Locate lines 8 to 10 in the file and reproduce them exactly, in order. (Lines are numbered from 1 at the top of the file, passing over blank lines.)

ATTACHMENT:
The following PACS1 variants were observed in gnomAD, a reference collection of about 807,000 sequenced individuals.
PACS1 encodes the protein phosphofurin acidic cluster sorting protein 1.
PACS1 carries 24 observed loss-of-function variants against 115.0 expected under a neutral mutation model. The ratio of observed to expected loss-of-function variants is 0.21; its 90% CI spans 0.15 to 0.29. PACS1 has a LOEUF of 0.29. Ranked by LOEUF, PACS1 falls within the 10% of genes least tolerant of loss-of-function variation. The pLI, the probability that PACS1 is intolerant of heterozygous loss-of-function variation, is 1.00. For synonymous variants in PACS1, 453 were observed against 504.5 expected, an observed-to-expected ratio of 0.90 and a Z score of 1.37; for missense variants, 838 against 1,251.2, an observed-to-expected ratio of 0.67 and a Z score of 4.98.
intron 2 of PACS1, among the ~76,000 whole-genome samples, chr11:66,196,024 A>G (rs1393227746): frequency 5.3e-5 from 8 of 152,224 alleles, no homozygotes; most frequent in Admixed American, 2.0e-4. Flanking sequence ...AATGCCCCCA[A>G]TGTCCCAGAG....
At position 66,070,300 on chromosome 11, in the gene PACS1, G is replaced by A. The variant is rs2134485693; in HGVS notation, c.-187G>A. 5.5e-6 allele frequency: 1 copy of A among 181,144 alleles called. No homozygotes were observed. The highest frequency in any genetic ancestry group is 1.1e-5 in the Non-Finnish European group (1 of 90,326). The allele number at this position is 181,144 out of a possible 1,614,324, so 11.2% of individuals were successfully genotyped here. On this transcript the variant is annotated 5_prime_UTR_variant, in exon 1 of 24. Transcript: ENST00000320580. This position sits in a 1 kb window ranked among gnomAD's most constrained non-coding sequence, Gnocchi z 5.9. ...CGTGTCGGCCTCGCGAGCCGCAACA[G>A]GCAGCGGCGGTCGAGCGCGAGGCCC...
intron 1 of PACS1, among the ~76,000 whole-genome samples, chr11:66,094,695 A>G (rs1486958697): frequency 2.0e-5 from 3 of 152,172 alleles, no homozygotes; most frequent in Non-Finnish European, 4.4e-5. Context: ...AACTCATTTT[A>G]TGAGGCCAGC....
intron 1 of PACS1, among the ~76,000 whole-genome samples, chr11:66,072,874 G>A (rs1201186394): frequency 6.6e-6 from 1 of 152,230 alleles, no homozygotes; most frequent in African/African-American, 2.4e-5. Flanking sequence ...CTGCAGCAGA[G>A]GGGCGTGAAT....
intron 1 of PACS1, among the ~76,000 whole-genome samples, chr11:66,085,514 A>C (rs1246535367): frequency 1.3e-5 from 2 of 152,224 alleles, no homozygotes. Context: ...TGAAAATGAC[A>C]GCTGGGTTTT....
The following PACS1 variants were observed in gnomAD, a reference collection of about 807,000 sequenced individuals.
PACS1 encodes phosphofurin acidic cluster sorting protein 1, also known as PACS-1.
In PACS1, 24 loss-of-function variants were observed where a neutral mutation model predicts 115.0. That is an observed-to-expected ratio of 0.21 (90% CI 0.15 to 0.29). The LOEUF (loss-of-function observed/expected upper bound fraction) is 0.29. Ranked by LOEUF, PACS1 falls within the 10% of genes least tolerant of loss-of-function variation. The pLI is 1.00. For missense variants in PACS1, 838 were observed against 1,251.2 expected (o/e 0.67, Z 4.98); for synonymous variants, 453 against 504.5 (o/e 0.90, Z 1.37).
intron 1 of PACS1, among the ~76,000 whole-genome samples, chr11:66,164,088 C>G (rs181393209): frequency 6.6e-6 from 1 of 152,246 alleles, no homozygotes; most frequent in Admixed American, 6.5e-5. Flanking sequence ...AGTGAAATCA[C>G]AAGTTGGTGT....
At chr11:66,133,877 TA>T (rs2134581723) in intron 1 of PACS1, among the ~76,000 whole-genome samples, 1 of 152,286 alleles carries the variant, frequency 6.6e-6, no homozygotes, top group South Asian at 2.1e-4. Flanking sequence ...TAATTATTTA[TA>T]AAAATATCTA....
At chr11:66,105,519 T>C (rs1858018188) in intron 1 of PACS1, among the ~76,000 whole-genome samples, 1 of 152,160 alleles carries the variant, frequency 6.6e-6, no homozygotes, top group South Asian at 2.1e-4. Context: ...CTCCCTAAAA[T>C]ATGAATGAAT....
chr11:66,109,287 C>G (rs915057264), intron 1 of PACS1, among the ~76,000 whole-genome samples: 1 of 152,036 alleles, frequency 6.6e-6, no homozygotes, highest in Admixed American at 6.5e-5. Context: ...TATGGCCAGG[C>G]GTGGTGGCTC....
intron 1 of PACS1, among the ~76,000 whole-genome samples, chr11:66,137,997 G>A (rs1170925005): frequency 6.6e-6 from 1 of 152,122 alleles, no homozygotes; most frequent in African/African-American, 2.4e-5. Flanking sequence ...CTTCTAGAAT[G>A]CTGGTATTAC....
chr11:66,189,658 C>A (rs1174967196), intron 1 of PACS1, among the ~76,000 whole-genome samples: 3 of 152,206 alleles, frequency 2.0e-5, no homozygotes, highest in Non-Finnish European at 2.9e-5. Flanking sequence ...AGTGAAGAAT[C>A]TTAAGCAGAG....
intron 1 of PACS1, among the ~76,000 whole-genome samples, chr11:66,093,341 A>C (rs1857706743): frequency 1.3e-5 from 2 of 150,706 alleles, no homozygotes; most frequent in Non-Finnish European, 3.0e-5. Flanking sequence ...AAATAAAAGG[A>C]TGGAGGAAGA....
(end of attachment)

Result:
intron 1 of PACS1, among the ~76,000 whole-genome samples, chr11:66,085,514 A>C (rs1246535367): frequency 1.3e-5 from 2 of 152,224 alleles, no homozygotes. Context: ...TGAAAATGAC[A>C]GCTGGGTTTT....
The following PACS1 variants were observed in gnomAD, a reference collection of about 807,000 sequenced individuals.
PACS1 encodes phosphofurin acidic cluster sorting protein 1, also known as PACS-1.